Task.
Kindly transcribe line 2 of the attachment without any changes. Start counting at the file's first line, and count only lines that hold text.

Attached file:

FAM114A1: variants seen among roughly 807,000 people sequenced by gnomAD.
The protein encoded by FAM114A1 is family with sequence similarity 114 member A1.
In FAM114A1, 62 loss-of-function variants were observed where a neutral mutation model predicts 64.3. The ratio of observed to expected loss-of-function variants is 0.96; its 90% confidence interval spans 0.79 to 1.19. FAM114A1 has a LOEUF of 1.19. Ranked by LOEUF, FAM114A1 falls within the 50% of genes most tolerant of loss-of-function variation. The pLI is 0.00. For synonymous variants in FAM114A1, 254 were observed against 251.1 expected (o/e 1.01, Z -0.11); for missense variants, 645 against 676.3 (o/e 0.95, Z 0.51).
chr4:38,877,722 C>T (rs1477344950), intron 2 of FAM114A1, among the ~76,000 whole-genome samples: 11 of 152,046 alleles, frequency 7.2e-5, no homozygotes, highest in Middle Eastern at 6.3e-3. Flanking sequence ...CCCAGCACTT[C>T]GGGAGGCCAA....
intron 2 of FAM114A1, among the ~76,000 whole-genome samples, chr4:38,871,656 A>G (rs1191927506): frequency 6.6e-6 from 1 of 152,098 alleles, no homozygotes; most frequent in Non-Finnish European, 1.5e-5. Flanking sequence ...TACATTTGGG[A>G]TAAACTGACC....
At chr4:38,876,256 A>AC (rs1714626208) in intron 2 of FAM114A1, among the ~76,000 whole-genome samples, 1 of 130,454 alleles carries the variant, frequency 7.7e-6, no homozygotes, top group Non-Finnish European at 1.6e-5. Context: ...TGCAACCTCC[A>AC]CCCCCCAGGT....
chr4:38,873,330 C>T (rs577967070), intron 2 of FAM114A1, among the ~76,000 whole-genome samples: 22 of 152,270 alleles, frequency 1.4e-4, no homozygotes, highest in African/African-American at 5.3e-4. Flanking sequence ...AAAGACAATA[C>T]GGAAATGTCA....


The protein encoded by FAM114A1 is family with sequence similarity 114 member A1.